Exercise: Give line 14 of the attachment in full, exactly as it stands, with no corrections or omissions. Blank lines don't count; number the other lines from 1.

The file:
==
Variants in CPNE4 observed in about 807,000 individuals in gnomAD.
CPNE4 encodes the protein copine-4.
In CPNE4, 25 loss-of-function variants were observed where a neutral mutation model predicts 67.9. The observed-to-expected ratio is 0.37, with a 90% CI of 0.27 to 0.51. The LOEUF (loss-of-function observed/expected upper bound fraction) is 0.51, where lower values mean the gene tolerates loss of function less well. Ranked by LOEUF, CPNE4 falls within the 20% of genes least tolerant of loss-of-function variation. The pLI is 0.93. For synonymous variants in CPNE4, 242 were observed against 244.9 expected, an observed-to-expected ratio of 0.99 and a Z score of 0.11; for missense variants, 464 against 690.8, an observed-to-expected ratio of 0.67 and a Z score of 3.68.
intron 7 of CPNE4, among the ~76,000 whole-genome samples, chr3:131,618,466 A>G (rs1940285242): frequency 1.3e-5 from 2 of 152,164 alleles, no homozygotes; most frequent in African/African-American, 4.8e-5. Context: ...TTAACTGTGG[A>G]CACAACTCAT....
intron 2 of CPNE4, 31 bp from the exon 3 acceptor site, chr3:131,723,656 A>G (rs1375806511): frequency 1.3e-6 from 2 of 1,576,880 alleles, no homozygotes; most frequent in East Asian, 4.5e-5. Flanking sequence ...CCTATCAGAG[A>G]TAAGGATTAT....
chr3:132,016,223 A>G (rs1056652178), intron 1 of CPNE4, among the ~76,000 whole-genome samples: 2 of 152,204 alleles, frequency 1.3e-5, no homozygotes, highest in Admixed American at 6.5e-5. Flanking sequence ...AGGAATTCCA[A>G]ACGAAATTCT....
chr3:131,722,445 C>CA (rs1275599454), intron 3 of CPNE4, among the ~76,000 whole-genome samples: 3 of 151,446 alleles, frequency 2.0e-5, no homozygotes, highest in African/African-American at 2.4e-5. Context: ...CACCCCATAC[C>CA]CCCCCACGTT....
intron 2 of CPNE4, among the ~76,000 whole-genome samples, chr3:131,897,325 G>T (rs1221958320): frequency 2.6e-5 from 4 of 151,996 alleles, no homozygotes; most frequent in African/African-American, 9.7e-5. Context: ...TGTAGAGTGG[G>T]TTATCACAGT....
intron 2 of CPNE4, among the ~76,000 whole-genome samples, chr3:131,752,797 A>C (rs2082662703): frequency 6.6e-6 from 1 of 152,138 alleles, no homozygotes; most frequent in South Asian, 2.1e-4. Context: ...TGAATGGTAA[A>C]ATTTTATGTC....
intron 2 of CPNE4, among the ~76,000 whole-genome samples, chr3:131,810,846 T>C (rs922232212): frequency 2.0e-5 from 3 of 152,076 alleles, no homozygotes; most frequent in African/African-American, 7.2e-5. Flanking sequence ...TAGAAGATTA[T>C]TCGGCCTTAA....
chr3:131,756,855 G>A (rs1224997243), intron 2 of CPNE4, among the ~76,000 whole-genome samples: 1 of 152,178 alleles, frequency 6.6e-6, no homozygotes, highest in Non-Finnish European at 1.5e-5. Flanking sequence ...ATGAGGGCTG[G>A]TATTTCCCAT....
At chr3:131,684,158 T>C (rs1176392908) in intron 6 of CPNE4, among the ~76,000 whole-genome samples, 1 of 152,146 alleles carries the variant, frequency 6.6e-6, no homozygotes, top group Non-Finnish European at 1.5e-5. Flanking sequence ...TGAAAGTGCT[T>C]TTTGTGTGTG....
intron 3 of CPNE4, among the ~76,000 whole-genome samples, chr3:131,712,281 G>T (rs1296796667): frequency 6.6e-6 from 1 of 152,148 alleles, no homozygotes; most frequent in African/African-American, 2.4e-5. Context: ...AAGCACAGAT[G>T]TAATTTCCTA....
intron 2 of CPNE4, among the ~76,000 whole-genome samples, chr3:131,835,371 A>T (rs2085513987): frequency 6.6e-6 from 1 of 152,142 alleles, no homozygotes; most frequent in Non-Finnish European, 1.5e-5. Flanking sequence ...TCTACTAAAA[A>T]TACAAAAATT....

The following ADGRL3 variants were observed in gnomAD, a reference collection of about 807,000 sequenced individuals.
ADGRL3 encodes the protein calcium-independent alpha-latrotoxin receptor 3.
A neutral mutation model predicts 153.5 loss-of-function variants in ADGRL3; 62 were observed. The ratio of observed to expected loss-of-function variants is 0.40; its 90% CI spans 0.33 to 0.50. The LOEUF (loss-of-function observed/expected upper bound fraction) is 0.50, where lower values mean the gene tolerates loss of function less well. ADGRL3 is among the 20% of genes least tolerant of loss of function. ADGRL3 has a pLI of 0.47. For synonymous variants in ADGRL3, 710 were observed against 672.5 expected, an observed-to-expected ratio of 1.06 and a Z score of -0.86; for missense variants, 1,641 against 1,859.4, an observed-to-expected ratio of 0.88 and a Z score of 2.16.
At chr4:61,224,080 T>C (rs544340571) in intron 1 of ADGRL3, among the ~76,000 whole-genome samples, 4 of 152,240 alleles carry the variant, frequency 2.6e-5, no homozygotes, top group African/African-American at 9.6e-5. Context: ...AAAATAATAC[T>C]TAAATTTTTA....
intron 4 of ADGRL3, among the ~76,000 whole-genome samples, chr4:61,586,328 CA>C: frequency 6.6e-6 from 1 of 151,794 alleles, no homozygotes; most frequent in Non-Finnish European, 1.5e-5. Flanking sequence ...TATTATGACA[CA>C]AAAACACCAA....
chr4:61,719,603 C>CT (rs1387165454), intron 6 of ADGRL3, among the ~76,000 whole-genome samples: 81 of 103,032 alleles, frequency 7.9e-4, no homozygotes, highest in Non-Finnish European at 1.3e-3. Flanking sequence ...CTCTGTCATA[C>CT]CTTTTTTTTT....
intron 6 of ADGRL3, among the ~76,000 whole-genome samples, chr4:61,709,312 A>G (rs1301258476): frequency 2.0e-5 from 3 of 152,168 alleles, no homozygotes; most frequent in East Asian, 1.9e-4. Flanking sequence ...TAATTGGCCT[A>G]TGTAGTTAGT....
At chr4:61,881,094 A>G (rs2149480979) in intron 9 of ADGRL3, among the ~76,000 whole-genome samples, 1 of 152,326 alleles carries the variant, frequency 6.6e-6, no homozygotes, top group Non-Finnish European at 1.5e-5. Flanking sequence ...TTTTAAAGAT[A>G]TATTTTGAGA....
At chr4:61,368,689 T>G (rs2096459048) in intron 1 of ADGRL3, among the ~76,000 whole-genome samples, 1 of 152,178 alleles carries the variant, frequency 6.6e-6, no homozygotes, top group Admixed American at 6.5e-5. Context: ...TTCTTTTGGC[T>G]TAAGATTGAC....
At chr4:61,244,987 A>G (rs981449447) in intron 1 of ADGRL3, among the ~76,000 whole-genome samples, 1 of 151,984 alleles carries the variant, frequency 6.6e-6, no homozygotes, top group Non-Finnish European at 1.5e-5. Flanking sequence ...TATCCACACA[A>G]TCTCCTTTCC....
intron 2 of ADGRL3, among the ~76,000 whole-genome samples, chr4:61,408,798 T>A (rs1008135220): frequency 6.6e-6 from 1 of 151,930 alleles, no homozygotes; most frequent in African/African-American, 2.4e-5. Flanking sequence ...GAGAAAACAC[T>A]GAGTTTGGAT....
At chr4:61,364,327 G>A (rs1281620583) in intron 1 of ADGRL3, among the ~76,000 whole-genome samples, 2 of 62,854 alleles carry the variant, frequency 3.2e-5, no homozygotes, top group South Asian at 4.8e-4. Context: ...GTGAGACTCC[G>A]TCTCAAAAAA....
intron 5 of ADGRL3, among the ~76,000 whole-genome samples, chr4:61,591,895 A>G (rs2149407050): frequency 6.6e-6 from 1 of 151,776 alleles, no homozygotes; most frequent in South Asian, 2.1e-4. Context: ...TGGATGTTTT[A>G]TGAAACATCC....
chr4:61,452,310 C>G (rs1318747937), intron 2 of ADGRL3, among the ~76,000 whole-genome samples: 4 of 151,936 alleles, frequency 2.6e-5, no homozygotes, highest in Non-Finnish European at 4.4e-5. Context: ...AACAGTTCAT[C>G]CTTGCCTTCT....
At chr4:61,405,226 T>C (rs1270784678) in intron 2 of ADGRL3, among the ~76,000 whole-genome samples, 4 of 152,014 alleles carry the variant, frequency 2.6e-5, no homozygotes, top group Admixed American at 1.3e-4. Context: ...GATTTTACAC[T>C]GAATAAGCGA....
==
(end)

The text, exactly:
intron 2 of CPNE4, among the ~76,000 whole-genome samples, chr3:131,835,371 A>T (rs2085513987): frequency 6.6e-6 from 1 of 152,142 alleles, no homozygotes; most frequent in Non-Finnish European, 1.5e-5. Flanking sequence ...TCTACTAAAA[A>T]TACAAAAATT....